Salah and Origi strike early and late as Liverpool secure sixth European Cup

Jürgen Klopp’s side get the better of Tottenham Hotspur in lacklustre decider

 Liverpool’s Mohamed Salah  celebrates after firing home an early penalty in the Champions League final against Tottenham Hotspur at the Wanda Metropolitano stadium in Madrid. Photograph:   Tolga Bozoglu/EPA

Liverpool’s Mohamed Salah celebrates after firing home an early penalty in the Champions League final against Tottenham Hotspur at the Wanda Metropolitano stadium in Madrid. Photograph: Tolga Bozoglu/EPA

 

Liverpool 2 Tottenham Hotspur 0

An early goal from Mohamed Salah and a late one from Divock Origi gave Liverpool a 2-0 win over Tottenham Hotspur in Saturday’s all-English Champions League final as coach Jürgen Klopp finally got his hands on Europe’s biggest prize.

Egypt striker Salah, who had painful memories of last year’s final defeat by Real Madrid after suffering a shoulder injury, got his side off to a flying start in Madrid by lashing home from the penalty spot after a handball from Moussa Sissoko.

Tottenham kept their heads after a nightmare opening and came to life when semi-final hat-trick hero Lucas Moura came off the bench but, with Harry Kane lacking sharpness after an ankle injury, another miraculous European comeback proved beyond them.

Liverpool did not produce much of their usual whirlwind attacking football but they were more intelligent and powerful than Spurs and sealed a sixth European Cup triumph with an arrowed finish from substitute Origi in the 87th minute.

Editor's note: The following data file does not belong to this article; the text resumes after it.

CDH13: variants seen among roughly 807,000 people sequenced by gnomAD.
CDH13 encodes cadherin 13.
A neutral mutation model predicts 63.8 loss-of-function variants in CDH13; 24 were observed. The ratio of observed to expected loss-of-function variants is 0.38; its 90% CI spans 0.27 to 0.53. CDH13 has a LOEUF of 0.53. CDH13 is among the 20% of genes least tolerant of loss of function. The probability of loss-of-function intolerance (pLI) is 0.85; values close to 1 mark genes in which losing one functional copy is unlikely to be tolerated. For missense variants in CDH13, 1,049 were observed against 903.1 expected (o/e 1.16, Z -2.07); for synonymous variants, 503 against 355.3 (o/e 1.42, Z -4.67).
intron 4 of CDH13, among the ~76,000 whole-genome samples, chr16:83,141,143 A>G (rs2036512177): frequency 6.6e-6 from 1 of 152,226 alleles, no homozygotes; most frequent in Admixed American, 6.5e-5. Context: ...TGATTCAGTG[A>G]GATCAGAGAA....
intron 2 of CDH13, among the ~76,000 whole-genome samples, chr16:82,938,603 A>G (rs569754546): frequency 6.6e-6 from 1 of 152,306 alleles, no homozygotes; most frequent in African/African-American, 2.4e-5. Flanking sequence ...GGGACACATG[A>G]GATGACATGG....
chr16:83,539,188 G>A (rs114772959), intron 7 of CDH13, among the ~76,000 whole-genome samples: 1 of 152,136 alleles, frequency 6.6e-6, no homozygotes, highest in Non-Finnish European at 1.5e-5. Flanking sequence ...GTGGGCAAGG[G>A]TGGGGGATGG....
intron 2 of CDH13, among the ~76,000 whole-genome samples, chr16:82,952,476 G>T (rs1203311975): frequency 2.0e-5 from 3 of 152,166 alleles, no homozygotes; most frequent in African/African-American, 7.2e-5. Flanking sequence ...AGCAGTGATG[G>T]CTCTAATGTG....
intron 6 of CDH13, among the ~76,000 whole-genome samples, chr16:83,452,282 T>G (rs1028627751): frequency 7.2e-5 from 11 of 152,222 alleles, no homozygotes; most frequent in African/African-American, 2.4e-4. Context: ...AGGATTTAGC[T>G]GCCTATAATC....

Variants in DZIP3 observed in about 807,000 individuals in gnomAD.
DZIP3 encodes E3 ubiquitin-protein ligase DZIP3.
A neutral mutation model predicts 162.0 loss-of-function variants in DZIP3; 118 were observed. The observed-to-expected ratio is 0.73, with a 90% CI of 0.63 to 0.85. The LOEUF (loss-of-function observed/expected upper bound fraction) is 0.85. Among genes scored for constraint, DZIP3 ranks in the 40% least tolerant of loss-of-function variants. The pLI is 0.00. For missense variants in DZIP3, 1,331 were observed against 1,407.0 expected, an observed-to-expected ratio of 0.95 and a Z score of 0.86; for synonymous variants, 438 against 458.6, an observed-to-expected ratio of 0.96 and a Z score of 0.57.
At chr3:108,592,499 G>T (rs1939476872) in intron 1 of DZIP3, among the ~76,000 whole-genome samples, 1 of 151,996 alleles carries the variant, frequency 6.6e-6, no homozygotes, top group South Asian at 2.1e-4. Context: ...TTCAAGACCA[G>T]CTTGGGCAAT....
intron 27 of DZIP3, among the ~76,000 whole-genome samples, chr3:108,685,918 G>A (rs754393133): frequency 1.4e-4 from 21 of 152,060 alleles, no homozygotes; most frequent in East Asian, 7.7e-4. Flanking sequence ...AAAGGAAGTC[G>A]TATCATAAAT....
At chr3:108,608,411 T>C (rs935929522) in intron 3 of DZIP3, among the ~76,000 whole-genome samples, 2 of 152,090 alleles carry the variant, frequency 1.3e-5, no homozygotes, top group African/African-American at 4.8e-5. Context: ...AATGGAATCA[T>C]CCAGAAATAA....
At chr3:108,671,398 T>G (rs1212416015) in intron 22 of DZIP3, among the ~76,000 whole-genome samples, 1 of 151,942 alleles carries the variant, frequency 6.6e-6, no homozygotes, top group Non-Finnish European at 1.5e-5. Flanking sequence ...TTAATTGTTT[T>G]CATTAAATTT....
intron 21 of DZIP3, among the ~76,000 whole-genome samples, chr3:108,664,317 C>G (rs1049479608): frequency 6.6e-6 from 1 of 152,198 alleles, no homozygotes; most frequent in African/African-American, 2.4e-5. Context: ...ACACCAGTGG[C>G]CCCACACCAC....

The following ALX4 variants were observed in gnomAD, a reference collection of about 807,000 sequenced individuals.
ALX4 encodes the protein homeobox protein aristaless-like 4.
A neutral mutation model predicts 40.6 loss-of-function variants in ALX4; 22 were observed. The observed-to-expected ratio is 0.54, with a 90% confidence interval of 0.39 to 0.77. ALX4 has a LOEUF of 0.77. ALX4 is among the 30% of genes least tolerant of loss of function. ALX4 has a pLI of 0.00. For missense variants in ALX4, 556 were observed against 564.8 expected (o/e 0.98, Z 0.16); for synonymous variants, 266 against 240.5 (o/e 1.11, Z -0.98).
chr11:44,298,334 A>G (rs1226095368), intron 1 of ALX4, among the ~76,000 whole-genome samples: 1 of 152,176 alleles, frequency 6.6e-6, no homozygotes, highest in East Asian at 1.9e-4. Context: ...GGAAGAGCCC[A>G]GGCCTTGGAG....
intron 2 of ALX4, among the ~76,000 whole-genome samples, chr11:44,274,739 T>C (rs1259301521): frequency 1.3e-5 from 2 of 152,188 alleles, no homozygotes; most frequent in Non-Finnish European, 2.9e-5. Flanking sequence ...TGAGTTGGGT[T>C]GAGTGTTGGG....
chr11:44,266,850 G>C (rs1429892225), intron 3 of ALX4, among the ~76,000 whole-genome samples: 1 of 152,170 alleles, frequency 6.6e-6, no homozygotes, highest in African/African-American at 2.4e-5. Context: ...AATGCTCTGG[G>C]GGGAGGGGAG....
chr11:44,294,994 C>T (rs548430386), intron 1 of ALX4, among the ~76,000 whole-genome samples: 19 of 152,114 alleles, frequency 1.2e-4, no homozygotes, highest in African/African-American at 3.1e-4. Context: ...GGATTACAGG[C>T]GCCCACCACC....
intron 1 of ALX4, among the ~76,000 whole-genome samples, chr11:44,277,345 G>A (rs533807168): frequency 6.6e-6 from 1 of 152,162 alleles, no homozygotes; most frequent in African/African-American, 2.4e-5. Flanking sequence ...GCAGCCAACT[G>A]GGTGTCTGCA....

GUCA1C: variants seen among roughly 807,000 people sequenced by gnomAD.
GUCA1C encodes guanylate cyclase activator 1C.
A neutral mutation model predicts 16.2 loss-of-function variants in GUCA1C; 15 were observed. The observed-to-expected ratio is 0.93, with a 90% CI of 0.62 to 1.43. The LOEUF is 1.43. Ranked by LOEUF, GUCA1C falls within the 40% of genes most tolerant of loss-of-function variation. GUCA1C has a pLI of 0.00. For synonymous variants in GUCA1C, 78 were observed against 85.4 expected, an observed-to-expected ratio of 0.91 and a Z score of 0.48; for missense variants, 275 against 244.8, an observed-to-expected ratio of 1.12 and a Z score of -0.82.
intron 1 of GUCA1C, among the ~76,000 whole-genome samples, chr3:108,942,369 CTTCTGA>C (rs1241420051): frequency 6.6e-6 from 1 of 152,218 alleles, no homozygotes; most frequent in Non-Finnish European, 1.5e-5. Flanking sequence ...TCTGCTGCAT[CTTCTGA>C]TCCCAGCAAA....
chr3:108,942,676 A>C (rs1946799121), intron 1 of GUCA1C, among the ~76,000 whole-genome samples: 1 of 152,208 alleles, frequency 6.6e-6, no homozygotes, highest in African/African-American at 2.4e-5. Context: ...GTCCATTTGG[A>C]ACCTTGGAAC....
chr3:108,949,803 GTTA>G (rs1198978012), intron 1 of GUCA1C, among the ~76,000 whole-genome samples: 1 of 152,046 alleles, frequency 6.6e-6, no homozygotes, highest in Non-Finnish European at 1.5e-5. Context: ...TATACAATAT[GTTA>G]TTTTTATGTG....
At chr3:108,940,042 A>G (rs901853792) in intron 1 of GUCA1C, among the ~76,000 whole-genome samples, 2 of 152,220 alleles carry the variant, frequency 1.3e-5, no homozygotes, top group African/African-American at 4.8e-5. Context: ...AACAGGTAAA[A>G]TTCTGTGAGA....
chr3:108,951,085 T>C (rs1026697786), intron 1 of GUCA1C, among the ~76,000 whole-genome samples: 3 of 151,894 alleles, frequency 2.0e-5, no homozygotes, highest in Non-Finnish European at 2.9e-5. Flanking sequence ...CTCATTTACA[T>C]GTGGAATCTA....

“Everyone is happy now,” said a delighted Salah. “I am glad to play the second final in a row and play 90 minutes finally. Everyone did his best today, no great individual performances, all the team was unbelievable.”

Right back Trent Alexander-Arnold added: “It is hard to put into words. The season we have had, we deserved it more than any other team.”

The win was sweet redemption for Salah and especially German coach Klopp, who had lost on his last six appearances in major finals, including Champions League showpieces with Borussia Dortmund in 2013 and Liverpool last year.

His opposite number Mauricio Pochettino took a bold but ultimately misguided gamble in fielding Kane, who had only returned to full training a week ago after almost two months out with a serious ankle injury and struggled to influence play.

Kane was far from the only player who lacked sharpness in a game of few moments of real quality, a possible effect of both sides not playing any competitive games for three weeks.

Spurs put Liverpool under real pressure in the latter stages as Dele Alli headed over and Son Heung-min and Moura forced impressive saves from Brazilian goalkeeper Alisson Becker.

Origi, one of Liverpool’s heroes in their stunning semi-final second-leg turnaround against Barcelona, then killed the game with a ruthless finish into the bottom corner.

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